Periostin Regulation of Lung Fibrosis Idiopathic pulmonary fibrosis (IPF) is a progressive scarring disorder of the lung that is characterized by the accumulation of myofibroblasts and the deposition of extracellular matrix leading to respiratory failure. Unfortunately, the disease is fatal and there are no effective therapies other than lung transplantation. The most potent profibrotic mediator studied to date is transforming growth factor (TGF) b and TGFb is elevated in many models of organ fibrosis. Unfortunately, TGFb is a difficult therapeutic target as total loss of TGFb or TGFb signaling can cause devastating autoimmune inflammation and mortality. As such, there is great interest in identifying downstream mediators of TGFb signaling which may be better targets for therapeutic intervention to treat fibrotic disorders. Recently, the TGFb-regulated matricellular protein, periostin, a molecule which has been studied in asthma, atherosclerosis and cancer, has been implicated in the pathogenesis of interstitial fibrotic lung disease. We and others have shown that periostin is increased in cells and lung tissue of IPF patients and that elevated levels of circulating periostin in IPF patients predict declines in lung function. Additionally, we and other have demonstrated that periostin-/- mice are protected from bleomycin-induced fibrosis. We recently demonstrated that periostin can induce mesenchymal cell proliferation, collagen expression and ability to close a scratch wound. Blockade of periostin interactions with the avb3 and avb5 integrins via the administration of the OC-20 monoclonal Ab could partially reverse periostin-mediated wound closure and partially blocks the development of bleomycin-induced fibrosis when administered during the fibroproliferative phase of the disease. Our published results using bone marrow chimeric mice indicate that both structural and hematopoietic sources of periostin are required for development of bleomycin-induced fibrosis. Preliminary data show that periostin may induce myofibroblast survival via the induction of the anti- apoptotic proteins (survivin, X-linked inhibitor of apoptosis (XIAP) and Bcl-2). Periostin is also elevated in aged mice and may contribute to the enhanced susceptibility of aged mice to gammaherpesvirus-induced fibrosis. Our revised studies are aimed at verifying the ability of periostin to promote fibrosis in two additional animal models. We also have proposed studies to elucidate the role that circulating fibrocytes and fibrocyte-derived periostin may play in regulating fibrotic development in multiple models. TGFb and periostin reciprocally regulate each other;however, the fact that periostin-deficient mice are viable and have relatively few health issues suggests that this molecule may be highly amenable to therapeutic targeting. To further explore this possibility, we will perform mechanistic studies to understand the reciprocal regulation of these mediators and to understand how periostin influences lung mesenchymal cell behavior. Finally, we will measure periostin in the lung and the changes in circulating periostin levels over time in IPF patients and determine the correlations this biomarker may have on disease progression. We hypothesize that the matricellular protein, periostin, promotes the development and progression of pulmonary fibrosis and may serve as a biomarker for disease progression. We will mechanistically explore this hypothesis in the following specific aims.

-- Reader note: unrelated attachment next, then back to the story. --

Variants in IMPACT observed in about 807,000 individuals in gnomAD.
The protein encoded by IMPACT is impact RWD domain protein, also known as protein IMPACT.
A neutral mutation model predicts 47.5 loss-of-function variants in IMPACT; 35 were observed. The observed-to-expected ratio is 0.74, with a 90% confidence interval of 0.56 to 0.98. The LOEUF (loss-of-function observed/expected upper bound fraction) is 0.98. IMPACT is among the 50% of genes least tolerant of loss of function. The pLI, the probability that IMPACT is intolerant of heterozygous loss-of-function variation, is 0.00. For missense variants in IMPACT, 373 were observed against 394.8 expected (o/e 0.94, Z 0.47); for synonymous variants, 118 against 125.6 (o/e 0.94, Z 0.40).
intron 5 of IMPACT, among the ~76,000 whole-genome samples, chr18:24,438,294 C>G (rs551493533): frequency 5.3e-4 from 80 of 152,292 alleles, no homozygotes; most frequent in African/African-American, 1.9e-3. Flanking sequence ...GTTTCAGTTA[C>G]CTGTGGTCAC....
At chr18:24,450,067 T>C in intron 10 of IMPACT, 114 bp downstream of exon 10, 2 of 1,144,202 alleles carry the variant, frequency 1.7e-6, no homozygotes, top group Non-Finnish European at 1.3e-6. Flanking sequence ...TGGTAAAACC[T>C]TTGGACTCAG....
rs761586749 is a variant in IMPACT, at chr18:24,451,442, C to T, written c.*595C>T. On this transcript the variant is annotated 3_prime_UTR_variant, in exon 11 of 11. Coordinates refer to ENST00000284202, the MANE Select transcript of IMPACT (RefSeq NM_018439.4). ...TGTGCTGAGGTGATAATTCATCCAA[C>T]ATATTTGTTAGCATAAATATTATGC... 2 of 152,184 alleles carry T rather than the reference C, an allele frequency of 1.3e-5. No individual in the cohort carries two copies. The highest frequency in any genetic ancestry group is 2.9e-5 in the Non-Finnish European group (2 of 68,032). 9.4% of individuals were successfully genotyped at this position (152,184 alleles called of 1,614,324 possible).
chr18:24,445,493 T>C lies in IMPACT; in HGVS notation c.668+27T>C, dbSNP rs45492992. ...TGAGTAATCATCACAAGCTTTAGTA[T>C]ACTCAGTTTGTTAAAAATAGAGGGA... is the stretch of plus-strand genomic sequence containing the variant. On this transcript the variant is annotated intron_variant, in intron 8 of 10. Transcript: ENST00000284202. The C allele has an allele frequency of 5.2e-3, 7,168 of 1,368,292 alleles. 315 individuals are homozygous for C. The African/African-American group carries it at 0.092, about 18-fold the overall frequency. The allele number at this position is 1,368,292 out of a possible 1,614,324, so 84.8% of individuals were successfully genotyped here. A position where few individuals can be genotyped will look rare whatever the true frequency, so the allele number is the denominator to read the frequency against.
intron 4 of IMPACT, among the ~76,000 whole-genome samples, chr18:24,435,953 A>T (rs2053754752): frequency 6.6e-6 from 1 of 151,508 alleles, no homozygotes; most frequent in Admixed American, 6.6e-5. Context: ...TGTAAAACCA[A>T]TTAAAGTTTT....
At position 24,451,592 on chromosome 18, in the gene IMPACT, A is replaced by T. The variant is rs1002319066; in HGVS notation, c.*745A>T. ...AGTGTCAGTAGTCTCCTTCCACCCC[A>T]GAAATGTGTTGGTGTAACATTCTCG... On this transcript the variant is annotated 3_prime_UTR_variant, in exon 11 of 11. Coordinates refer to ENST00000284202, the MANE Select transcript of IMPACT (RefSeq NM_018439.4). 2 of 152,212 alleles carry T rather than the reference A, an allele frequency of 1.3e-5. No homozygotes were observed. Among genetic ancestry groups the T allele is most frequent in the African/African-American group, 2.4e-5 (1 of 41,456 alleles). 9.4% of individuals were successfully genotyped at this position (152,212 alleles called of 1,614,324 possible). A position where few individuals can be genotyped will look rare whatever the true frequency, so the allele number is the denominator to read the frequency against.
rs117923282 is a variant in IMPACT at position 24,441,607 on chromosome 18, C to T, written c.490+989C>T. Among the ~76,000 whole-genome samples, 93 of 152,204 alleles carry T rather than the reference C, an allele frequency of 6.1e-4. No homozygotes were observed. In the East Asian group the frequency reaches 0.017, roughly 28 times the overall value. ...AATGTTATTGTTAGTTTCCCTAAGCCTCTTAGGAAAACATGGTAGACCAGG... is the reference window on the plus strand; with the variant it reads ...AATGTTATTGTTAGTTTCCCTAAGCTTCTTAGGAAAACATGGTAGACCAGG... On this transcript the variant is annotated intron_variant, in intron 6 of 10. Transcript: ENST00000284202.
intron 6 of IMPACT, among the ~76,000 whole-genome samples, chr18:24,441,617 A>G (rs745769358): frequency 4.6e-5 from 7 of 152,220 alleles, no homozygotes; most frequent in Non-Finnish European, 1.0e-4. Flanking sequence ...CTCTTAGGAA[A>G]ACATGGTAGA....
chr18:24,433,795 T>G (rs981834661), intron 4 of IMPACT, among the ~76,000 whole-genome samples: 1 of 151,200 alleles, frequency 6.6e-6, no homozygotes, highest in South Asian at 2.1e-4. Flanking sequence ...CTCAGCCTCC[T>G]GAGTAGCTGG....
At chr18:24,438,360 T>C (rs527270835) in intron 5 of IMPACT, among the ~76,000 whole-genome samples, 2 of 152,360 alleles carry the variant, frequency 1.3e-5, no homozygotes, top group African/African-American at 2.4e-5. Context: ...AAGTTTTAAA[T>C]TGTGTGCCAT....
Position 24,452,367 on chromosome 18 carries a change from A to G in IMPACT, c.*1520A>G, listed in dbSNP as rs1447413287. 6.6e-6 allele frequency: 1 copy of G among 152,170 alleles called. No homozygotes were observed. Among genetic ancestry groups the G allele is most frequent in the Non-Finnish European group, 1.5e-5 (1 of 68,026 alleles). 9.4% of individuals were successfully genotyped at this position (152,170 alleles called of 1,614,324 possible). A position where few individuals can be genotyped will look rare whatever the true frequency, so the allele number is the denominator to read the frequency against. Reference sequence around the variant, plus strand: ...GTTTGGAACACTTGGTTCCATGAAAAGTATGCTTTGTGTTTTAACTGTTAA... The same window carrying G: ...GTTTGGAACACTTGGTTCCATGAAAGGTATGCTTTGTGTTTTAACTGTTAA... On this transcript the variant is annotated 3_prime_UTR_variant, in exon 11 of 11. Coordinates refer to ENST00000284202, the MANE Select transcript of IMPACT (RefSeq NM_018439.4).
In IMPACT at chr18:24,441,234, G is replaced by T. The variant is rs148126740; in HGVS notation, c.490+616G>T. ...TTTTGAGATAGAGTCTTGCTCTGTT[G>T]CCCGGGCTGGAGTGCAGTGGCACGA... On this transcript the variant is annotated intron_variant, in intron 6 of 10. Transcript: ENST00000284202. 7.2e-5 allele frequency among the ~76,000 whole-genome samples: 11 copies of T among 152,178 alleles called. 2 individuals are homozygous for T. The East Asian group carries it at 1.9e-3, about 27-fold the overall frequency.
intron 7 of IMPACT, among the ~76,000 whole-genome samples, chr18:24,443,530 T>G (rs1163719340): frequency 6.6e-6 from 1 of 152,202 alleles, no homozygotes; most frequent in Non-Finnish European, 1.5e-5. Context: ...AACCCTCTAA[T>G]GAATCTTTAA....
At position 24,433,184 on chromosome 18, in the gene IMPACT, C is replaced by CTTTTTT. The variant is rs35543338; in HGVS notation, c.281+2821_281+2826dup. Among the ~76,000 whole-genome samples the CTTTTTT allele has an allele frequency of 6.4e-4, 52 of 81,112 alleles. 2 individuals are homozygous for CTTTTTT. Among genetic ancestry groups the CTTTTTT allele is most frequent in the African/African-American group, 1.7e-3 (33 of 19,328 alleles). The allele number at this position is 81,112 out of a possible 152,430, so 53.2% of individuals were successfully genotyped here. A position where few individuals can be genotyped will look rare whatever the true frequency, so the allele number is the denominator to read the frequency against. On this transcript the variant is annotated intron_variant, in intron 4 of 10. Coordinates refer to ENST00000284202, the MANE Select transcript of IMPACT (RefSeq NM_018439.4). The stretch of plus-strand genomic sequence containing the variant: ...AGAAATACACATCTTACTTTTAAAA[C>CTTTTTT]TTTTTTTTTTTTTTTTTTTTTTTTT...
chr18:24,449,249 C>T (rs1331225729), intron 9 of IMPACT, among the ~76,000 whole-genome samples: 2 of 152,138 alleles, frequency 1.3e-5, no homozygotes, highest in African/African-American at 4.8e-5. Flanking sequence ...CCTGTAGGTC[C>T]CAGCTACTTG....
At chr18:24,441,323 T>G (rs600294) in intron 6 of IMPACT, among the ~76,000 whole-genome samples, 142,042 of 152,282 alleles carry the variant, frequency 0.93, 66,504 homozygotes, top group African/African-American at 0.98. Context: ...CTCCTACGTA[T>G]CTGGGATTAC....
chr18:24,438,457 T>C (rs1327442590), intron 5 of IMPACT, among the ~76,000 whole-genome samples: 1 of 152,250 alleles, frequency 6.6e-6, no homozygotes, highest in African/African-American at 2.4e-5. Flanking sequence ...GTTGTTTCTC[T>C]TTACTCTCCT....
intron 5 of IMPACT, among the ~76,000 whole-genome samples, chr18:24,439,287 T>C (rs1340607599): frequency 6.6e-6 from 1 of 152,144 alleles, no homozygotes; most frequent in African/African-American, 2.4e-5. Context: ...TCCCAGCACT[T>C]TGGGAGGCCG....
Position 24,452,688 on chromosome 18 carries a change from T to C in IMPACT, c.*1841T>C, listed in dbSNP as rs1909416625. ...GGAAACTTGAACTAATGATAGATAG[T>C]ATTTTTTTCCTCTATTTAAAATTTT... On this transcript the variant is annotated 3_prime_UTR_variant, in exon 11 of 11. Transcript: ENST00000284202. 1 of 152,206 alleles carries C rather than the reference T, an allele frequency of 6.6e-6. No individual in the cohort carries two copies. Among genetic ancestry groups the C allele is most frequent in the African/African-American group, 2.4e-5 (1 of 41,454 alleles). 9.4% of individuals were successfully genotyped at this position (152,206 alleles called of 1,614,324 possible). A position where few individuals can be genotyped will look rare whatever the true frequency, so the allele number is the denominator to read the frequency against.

Aim 1) To determine whether periostin regulates the development of fluorescein isothiocyanate-induced pulmonary fibrosis or gammaherpesvirus-induced fibrosis in aged mice Aim 2) To determine the contribution of fibrocytes and fibrocyte-derived periostin in the development of lung fibrosis in animal models Aim 3) To determine the molecular mechanisms via which periostin and TGFb regulate each other and the function of lung mesenchymal cells Aim 4) To determine whether periostin levels in plasma or bronchoalveolar lavage fluid of IPF patients correlate with disease progression
This project is based on the observation that periostin is produced in high levels in patients with lung fibrosis and elevations of periostin predict declines in lung function. We are now exploring the potential mechanisms whereby this molecule may influence the profibrotic behavior of mesenchymal cells in the lung, and will determine the importance of periostin derived from circulating fibrocytes in disease progression. We will also test the measurement of this protein as a biomarker for disease progression. A better understanding of periostin regulation of lung fibrosis may lead to new therapies for this devastating disease.
|Kleaveland, Kathryn R; Moore, Bethany B; Kim, Kevin K (2014) Paracrine functions of fibrocytes to promote lung fibrosis. Expert Rev Respir Med 8:163-72|
|Ashley, Shanna L; Jegal, Yangjin; Moore, Thomas A et al. (2014) ?-Herpes virus-68, but not Pseudomonas aeruginosa or influenza A (H1N1), exacerbates established murine lung fibrosis. Am J Physiol Lung Cell Mol Physiol 307:L219-30|
|Blackwell, Timothy S; Tager, Andrew M; Borok, Zea et al. (2014) Future directions in idiopathic pulmonary fibrosis research. An NHLBI workshop report. Am J Respir Crit Care Med 189:214-22|
|Moore, Bethany B (2014) Following the path of CCL2 from prostaglandins to periostin in lung fibrosis. Am J Respir Cell Mol Biol 50:848-52|
|Kleaveland, Kathryn R; Velikoff, Miranda; Yang, Jibing et al. (2014) Fibrocytes are not an essential source of type I collagen during lung fibrosis. J Immunol 193:5229-39|